The study was conducted in Beirut, the national capital of Lebanon, during January and February 2021, using the SP technique. A research assistant was trained to play the role of a simulated patient, following a well-structured scenario to identify the actual and spontaneous responses of the community pharmacists. The SP is a female pharmacist who works in a community pharmacy as well as a research assistant and has already participated in several simulated patient studies. She was instructed not to proceed with the role-play if her identity was revealed, and to ask for vitamin C effervescent tablets instead. Moreover, if the pharmacist offered to sell a medication to the SP, the counseling behavior was observed by the SP, who would later pretend that she forgot to bring her wallet and act like she was going home to bring it so that she can pay for the medications. She would then thank the pharmacist and leave.
Finally, the SP captured the time of each visit, using a personal stopwatch, and documented each pharmacist’s responses using the data collection form, immediately after leaving the pharmacy to minimize any possible recall bias.
Selection of pharmacies
At the time of the study, there were 235 registered community pharmacies in Beirut . Pharmacies were coded and their list was scrambled, and the first 100 pharmacies were selected as a sample using an online sample size calculator from Raosoft®, assuming that appropriate care for COVID-19 suspects is provided by 50% of the pharmacies, with an accepted margin of error of 7.5% and a confidence interval of 95% . A pharmacy would be replaced by the next one from the remaining pharmacies if the SP’s identity was revealed, or the pharmacy was unreachable or found closed.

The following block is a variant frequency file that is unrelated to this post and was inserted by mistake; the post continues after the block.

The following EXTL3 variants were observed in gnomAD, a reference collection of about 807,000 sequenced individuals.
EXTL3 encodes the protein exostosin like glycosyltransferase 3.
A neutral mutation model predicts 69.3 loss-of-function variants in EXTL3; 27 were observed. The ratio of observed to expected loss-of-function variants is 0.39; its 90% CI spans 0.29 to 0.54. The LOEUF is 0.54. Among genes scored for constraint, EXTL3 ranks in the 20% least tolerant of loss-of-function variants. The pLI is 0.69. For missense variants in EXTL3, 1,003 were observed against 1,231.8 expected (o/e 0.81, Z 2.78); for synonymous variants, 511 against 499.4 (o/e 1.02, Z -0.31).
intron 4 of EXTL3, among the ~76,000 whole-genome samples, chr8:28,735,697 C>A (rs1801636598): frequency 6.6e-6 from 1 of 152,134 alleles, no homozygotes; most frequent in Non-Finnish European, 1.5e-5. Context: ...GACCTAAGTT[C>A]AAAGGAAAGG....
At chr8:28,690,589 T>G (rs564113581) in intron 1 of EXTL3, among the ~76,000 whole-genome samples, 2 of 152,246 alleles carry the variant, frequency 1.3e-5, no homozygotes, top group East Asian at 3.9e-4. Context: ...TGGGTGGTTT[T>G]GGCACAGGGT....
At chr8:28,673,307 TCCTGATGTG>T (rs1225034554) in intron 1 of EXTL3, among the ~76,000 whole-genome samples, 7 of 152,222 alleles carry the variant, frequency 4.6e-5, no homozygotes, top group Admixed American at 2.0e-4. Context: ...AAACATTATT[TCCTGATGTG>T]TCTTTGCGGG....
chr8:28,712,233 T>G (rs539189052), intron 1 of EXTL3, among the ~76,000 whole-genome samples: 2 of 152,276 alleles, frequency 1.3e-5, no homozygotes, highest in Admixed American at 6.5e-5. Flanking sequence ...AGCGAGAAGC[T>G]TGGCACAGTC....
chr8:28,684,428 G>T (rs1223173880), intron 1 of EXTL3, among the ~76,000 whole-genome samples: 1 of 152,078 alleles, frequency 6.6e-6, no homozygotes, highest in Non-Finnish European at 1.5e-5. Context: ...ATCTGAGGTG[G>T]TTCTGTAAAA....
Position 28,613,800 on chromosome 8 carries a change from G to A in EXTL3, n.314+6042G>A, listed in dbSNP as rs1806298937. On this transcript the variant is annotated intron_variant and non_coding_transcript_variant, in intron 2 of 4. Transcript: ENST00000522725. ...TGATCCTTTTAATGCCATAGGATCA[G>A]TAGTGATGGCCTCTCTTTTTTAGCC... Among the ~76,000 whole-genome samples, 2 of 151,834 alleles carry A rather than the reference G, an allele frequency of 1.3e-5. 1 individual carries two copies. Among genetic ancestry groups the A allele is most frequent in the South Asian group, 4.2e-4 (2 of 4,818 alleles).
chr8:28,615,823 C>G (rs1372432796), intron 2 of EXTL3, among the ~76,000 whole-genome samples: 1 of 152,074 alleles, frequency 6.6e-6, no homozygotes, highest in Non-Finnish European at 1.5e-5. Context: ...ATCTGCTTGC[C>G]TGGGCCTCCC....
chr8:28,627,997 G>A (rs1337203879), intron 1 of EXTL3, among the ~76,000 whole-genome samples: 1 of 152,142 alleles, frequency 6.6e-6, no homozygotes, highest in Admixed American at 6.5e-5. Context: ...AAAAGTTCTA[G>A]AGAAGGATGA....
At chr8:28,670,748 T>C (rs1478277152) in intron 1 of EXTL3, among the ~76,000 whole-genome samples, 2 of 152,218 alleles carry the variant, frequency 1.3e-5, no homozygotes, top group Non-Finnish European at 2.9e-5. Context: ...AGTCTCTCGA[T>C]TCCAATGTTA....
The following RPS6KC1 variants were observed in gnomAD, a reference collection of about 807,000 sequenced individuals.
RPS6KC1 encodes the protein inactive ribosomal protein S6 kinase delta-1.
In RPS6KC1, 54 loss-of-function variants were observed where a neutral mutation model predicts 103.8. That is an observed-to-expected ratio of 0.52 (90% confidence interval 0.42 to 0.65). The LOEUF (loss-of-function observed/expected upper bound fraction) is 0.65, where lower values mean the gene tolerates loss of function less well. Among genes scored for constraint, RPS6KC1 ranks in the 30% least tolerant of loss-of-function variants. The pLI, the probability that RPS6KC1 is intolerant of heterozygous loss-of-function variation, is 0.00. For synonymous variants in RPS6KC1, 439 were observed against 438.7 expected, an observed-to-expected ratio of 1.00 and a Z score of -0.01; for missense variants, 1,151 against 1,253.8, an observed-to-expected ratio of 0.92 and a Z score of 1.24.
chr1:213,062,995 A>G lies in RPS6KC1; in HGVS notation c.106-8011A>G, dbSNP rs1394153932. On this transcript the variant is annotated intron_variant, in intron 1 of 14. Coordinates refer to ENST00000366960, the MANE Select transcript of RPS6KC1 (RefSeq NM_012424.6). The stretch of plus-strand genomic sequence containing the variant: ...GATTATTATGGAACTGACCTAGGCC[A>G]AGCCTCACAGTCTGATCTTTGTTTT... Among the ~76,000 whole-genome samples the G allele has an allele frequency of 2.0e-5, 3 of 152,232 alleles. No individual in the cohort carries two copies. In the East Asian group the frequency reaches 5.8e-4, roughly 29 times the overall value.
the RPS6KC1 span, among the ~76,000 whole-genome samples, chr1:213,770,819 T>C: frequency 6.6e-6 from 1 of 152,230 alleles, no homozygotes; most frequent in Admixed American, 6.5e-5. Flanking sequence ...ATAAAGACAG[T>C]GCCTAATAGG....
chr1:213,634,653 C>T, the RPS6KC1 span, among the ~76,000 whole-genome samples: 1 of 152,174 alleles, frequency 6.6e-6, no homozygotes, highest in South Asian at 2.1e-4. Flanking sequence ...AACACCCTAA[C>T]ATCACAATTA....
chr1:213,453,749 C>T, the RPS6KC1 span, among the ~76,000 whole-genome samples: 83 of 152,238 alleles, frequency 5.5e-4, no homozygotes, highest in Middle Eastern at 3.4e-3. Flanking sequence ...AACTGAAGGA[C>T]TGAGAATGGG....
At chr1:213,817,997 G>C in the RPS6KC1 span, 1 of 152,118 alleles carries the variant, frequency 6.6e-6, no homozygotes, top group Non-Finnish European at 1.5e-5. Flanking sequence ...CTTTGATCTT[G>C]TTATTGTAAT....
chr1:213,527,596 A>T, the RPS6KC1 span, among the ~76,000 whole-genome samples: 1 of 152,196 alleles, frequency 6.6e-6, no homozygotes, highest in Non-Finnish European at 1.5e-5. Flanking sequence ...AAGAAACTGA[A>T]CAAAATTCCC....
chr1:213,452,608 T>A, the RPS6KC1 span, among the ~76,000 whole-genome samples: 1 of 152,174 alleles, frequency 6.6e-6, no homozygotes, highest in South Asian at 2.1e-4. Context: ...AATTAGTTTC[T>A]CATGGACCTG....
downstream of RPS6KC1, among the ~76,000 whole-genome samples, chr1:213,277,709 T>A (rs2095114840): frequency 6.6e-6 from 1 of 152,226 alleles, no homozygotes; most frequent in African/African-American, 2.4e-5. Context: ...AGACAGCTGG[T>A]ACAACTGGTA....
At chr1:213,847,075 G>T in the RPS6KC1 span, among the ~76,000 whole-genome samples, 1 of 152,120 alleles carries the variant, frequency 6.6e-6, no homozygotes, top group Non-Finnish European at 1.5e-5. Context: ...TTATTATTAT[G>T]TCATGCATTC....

The simulated patient scenario
The applied scenario included a 25-year-old female (the SP) who visited the selected pharmacies, adhering to the PPE (wearing a surgical face mask, a face shield, and gloves). She avoided touching surfaces and maintained a safe distance from others in the pharmacy. The SP approached the dispensary, requesting to speak with the pharmacist. The SP, while looking worried about her health, informed the pharmacist that she was experiencing fever and loss of smelling sensation within the past 2 days, and she requested the pharmacist’s health advice with regards to her symptoms, “I’m having fever and loss of smell for the past two days. What should I do?”
The following information was provided only upon the pharmacist’s request. She was unemployed, previously healthy, non-smoker, living with her parents, and was not receiving any chronic medication. She measured her body temperature several times, and it ranged between 38 and 38.5 °C. When asked about the medications utilized to cope with her symptoms, she reported that she took one tablet of Profinal XP® (ibuprofen 400 mg/caffeine 65 mg) 2 h before her visit to manage her fever. She did not have any red flag symptoms such as dyspnea, confusion, chest pain, decreased urine output, hemoptysis, bluish lips, or cold extremities. She visited a friend a week ago, who recently tested positive for COVID-19, and she did not undergo the polymerase chain reaction (PCR) test.
Data collection form development and structure
A standard form was developed after an extensive literature review by the research team [3, 27,28,29,30]. It consisted of five main sections, with 40 different items, varying between close-ended (pre-specified options) and open-ended questions. The first section gathered information about the pharmacy being visited, including the pharmacy code, sex and the estimated age of the encountered pharmacist, the date, time, and duration of the visit.